General concepts

Points of Play

Tournament Play

An Expert Play

Great poker players tend to have disdain for the solid, but unimaginative player who simply “grinds out” a steady profit.

Without instinct, card sense, and heart, these methodical players will never come up with enough creative plays to be successful against tougher opponents.

I think there is some truth to this philosophy. However, I believe that a serious learning of poker rules can learn to recognize opportunities to make what appears to be instinctual card sense.

Here is personal example that occurred in a $ 75-$ 150 seven card stud game at The mirage. Seven players anted $ 15. A deuce “brought it in” for $ 25. A 10 showing raised to $ 75.  The 6 called. I also called with:

Everyone else folded. On Fourth Street the 10 caught the 5, the 6 caught the 7 and I caught the 3 . The 10-5 showing bet, and we both calle d. On fifth street the 10-5 caught a 4 , the 6 -7 caught the 8 and I caught the 4. Our hands now looked like this:

Hand 1

Hand 2

My Hand

Hand 1 checked and the 6 -7 -8 now bet. I raised! Hand 1 folded and the other hand called. I went on to win the hand with nines up, though I think two nines alone would have been good.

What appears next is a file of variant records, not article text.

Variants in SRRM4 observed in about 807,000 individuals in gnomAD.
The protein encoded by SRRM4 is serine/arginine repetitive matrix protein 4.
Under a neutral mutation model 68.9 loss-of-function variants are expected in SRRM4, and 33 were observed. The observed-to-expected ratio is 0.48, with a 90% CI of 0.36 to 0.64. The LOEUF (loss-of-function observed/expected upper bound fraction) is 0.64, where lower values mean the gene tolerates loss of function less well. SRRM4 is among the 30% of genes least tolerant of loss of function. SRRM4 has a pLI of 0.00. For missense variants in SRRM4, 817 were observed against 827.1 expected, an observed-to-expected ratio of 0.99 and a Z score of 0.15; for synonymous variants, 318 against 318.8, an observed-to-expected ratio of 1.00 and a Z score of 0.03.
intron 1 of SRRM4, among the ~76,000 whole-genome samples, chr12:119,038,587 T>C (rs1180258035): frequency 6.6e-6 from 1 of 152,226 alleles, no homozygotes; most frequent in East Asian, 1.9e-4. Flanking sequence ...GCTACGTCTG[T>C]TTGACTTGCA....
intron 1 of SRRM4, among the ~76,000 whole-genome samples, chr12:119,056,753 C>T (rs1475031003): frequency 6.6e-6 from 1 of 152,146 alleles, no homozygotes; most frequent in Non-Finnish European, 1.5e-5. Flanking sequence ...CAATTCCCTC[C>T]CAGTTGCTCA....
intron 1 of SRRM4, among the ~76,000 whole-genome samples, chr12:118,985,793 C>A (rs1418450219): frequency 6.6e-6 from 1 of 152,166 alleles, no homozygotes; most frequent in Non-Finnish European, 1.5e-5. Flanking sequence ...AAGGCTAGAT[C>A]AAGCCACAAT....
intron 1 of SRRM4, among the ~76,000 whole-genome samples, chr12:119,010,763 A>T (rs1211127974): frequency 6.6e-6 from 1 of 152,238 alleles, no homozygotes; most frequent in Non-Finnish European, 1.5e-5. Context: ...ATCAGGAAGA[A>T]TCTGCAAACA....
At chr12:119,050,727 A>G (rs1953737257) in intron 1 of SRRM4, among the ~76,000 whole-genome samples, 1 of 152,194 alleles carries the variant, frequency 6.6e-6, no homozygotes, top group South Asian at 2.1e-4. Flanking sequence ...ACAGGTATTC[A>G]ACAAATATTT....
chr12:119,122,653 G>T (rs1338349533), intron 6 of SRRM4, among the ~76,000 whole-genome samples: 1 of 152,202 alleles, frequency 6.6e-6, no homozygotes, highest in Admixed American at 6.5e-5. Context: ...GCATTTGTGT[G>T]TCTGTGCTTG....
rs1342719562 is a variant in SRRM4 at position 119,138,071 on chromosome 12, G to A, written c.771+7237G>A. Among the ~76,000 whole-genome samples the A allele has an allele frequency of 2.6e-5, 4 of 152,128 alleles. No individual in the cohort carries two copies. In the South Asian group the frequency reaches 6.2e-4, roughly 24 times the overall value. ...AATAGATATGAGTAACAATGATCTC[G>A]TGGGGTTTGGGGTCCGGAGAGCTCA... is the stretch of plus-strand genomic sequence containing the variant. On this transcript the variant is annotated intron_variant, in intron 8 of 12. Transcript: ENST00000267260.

While my raise on fifth poker street might seem like a world-class play, almost all very good players would have made it, either because of their instinct or their logic.  In fact, any other play is horrible.

All those of you who don’t see this cannot blame it on your lack of card sense. Though the raise may appear artistic, pure science should lead you to the same move. There are three clear-cut indications that a raise may be right in this hand:

  1. With so many hearts, fives and nines out, it is unlikely that player 2 has a straight or flush.  (However, this isn’t as obvious to the opponents as it is to you since you have the Q ♥ and 9♥ in the hole.)
  2. Player 2 will bet virtually any hand when his upcards appear so strong compared to his opponents’ upcards.
  3.  If you raise, you are not only raising a hand that you probably have beat but also probably raising out a hand that almost certainly beats yours.  If only two of these three factors were present, a raise would still probably be right, but I could see where a book player might miss it.  But if you missed it with all three factors present, you are not one of my students.

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